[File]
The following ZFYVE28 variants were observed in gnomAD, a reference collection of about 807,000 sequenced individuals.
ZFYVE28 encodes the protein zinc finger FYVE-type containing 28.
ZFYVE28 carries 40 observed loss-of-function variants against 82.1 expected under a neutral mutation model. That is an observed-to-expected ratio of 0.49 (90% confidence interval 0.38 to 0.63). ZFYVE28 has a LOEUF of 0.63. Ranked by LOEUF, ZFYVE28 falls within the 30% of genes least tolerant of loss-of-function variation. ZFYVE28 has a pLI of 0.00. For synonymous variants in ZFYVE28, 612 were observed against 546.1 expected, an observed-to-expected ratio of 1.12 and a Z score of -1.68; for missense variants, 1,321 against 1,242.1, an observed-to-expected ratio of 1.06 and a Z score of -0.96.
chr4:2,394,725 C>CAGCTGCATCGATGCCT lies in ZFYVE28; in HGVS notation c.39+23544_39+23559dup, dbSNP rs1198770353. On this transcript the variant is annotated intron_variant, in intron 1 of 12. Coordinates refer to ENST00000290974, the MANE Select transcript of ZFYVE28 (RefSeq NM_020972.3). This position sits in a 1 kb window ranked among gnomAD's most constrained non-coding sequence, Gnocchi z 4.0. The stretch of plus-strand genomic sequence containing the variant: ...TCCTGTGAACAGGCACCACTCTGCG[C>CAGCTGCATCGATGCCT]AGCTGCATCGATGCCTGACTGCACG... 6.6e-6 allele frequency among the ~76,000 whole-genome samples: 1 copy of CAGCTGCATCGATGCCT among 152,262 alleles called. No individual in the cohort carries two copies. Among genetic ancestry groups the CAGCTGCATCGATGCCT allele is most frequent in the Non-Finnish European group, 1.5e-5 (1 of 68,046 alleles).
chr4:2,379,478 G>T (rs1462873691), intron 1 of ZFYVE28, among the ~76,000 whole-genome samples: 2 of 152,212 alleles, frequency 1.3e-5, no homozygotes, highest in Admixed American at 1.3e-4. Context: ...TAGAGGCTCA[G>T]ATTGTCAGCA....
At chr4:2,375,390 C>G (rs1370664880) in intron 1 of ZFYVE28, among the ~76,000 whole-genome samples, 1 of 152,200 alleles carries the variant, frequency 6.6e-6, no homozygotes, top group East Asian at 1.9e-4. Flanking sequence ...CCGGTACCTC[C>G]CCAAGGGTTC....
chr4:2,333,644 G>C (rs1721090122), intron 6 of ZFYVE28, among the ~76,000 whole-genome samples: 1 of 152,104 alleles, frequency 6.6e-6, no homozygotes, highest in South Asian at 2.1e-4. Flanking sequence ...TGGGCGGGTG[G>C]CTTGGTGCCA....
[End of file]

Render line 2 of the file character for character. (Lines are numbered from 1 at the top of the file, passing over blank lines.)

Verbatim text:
ZFYVE28 encodes the protein zinc finger FYVE-type containing 28.